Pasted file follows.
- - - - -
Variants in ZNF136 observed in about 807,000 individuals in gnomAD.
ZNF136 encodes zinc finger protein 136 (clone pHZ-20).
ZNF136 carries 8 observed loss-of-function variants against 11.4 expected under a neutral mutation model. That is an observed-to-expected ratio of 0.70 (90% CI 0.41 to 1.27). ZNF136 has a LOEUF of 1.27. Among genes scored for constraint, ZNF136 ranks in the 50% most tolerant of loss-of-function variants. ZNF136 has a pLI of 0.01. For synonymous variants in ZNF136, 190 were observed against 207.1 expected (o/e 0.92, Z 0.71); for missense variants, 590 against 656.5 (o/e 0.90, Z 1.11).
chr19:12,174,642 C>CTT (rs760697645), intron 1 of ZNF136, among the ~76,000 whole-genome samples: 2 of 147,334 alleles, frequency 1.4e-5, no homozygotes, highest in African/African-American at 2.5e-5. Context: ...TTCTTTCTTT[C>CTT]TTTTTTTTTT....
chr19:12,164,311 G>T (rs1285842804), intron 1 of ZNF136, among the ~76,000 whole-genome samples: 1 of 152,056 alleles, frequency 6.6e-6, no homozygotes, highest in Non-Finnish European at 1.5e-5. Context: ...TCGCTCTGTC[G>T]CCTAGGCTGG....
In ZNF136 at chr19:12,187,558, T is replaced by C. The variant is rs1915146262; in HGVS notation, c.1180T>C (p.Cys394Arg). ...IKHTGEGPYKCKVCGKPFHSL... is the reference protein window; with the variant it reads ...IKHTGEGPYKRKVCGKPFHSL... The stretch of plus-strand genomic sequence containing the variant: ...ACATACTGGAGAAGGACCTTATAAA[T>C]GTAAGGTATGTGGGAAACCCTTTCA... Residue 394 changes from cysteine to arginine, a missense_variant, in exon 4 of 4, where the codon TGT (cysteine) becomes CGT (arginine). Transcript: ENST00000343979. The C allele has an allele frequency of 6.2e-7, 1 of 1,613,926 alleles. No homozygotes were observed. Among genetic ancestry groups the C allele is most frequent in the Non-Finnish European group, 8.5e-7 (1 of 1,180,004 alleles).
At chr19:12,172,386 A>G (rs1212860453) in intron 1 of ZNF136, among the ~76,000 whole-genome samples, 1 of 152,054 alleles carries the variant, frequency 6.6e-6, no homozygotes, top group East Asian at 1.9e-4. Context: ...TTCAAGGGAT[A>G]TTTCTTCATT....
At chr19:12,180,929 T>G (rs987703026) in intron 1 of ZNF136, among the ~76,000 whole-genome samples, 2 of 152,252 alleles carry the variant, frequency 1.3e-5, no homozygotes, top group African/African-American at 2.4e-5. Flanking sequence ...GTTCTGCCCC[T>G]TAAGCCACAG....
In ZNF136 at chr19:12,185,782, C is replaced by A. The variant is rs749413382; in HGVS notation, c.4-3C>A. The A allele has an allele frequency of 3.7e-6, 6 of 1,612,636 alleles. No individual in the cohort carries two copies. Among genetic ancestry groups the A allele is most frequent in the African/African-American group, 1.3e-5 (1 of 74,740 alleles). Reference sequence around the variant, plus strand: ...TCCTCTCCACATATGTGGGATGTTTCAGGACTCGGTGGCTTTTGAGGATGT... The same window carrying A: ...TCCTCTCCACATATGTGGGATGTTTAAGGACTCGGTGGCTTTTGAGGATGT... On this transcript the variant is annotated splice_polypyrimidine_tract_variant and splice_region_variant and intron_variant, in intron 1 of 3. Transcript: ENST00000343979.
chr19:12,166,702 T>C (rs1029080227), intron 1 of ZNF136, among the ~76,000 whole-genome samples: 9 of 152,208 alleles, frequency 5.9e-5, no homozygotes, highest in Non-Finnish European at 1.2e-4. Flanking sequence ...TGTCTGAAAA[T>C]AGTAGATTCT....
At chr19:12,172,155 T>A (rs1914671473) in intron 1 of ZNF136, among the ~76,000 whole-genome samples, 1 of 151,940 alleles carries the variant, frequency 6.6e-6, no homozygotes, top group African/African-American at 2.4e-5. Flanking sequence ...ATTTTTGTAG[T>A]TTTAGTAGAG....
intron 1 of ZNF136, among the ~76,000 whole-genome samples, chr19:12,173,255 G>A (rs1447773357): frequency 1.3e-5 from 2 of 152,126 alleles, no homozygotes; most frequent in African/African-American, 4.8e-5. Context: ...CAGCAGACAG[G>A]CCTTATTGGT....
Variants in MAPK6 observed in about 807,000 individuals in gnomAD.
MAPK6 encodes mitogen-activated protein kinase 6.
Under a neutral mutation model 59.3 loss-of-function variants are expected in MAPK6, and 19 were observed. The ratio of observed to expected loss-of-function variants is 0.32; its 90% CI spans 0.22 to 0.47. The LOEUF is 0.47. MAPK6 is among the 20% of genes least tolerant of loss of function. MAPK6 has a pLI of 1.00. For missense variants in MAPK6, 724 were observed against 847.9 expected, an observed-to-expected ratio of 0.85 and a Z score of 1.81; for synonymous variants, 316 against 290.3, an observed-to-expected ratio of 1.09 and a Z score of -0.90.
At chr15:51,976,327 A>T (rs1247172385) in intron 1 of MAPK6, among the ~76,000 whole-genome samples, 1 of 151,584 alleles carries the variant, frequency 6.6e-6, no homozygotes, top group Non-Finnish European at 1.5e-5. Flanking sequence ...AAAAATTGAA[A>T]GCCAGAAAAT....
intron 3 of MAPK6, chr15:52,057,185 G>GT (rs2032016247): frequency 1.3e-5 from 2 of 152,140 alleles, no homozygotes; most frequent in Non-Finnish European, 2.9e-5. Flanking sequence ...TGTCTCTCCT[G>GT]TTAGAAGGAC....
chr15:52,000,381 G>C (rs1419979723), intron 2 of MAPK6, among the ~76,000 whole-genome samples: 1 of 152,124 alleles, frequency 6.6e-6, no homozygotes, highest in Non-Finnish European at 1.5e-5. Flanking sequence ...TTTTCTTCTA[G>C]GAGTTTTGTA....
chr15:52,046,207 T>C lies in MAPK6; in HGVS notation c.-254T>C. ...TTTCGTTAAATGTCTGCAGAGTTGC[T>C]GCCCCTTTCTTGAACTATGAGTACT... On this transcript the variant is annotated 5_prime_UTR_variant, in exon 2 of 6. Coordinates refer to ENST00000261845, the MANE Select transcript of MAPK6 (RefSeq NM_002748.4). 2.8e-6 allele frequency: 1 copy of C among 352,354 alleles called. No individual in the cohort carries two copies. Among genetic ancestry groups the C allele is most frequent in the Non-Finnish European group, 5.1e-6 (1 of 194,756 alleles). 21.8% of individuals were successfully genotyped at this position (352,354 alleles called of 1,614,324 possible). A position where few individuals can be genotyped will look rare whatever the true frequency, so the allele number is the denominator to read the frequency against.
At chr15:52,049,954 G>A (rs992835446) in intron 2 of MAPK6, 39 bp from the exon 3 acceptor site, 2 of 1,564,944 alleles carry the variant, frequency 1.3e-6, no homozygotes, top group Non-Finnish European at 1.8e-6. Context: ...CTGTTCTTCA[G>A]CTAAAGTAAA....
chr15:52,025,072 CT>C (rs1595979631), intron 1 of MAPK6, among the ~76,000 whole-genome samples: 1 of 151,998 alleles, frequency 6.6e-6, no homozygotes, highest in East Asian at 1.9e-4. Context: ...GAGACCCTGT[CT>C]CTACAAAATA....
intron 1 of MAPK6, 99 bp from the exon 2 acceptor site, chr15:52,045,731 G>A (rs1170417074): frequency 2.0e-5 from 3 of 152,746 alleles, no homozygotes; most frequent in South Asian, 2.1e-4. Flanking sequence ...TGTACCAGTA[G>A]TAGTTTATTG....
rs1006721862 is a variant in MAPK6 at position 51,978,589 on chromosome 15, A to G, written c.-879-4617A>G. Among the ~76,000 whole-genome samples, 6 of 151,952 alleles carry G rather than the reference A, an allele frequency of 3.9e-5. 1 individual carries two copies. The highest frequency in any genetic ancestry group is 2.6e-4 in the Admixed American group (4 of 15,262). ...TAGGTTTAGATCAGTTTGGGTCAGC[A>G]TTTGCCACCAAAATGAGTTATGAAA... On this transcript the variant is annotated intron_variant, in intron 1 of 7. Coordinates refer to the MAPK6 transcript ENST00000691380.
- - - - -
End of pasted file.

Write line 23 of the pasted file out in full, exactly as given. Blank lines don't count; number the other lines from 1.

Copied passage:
rs1006721862 is a variant in MAPK6 at position 51,978,589 on chromosome 15, A to G, written c.-879-4617A>G. Among the ~76,000 whole-genome samples, 6 of 151,952 alleles carry G rather than the reference A, an allele frequency of 3.9e-5. 1 individual carries two copies. The highest frequency in any genetic ancestry group is 2.6e-4 in the Admixed American group (4 of 15,262). ...TAGGTTTAGATCAGTTTGGGTCAGC[A>G]TTTGCCACCAAAATGAGTTATGAAA... On this transcript the variant is annotated intron_variant, in intron 1 of 7. Coordinates refer to the MAPK6 transcript ENST00000691380.